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The Beerspresso: A Hoppy Marriage of Iced Coffee and Beer at Atlanta’s Taproom


The Beerspresso in the wild. All images courtesy of Taproom Coffee & Beer.

After months of research and experimentation, Atlanta’s Taproom Coffee & Beer — whose name says it all — has unveiled the Beerspresso, a nitro-poured Japanese-style iced coffee drink infused with dry hops.

The non-alcoholic drink is a perfect representation of Taproom’s dual focus on coffee and beer, drinks that the retailer views as equal but not separate, even complementary. We first reported on Taproom last year with the unveiling of the “Beerspresso” machine, the wacky creation of Taproom founder Jonathan Pascual, who gutted a Linea four-group espresso machine and converted it into a 12-tap beer tower complete with a glass rinser mounted into the espresso drip tray and three extra taps for chilled water, filtered water and sparkling water.

Now flowing through a machine that bears its name, the Beerspresso drink is composed of filtered water and ice-brewed Counter Culture Coffee Apollo blend coffee (the Durham, N.C.-based roaster is Taproom’s primary wholesale coffee supplier). Pascual shared with us some insight into choosing the Beerspresso’s brewing method, naturally using a beer analogy.

beerspresso machine

The Beerspresso machine, a former four-group Linea espresso machine

“In the cold brew/Japanese-style iced coffee discussion, I like to make the analogy of lagers versus ales: In beer, lagers are fermented at lower temperatures and result in a smoother, milder and crisper flavor profile — much like the flavor profile you get from cold-brewed iced coffee,” Pascual wrote. “Ales, by comparison, are fermented at higher temperatures and result in a more complex, robust, possibly floral/fruity flavor profile — much like the flavor profile you can get from hot-brewed Japanese-style iced coffee. Both types of beer and both types of iced coffee have their strengths and weaknesses, and ultimately come down to personal preference. For us at Taproom, our iced coffee preference falls to the ale-like Japanese-style brewing method.”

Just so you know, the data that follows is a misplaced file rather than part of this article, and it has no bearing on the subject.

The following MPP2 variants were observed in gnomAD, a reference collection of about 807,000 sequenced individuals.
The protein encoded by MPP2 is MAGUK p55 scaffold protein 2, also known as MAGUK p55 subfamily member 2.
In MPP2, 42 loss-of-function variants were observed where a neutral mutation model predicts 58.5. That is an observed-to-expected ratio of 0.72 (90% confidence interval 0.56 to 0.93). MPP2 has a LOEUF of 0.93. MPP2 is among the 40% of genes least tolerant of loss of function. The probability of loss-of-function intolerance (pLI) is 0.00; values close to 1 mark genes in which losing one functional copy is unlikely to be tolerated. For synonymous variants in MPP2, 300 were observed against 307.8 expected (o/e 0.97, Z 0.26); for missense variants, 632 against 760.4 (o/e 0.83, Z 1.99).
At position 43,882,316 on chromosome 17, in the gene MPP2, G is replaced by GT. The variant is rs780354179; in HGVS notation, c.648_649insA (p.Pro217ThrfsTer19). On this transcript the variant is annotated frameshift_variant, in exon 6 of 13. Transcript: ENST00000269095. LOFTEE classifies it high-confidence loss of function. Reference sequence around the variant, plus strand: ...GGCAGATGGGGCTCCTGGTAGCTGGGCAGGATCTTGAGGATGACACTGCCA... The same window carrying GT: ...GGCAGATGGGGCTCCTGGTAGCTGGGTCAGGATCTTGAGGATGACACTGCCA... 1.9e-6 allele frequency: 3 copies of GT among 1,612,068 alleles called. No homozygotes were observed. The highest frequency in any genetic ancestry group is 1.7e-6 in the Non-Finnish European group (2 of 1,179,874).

Taproom used dry hops to further flavor the drink, a strategy beer-makers use to impart some of the floral and citrusy notes of hops, without some of the associated bitterness. Pascual said the addition of hops gave the iced coffee a heavier body and transformed the coffee into an “almost unrecognizable” new kind of beverage. The Taproom team played around with a typical beer CO2/N2 gas blend, but ultimately went with a coffee-friendly nitro delivery system, finding that even the slightest bit of carbonation caused the drink to be too bright and acidic, a function of carbonic acid.

Taproom itself has been steadily growing as both a coffee and beer destination in Atlanta’s Kirkwood neighborhood since opening in May 2014. Pascual, who came into the venture as a coffee person by trade, said it’s been a blast exploring the somewhat alternate universe of craft beer. “I’m constantly reminded of how much similarity and overlap there is between the specialty coffee and craft beer industries,” he said. “I love that Taproom gets to have its feet in both worlds.”




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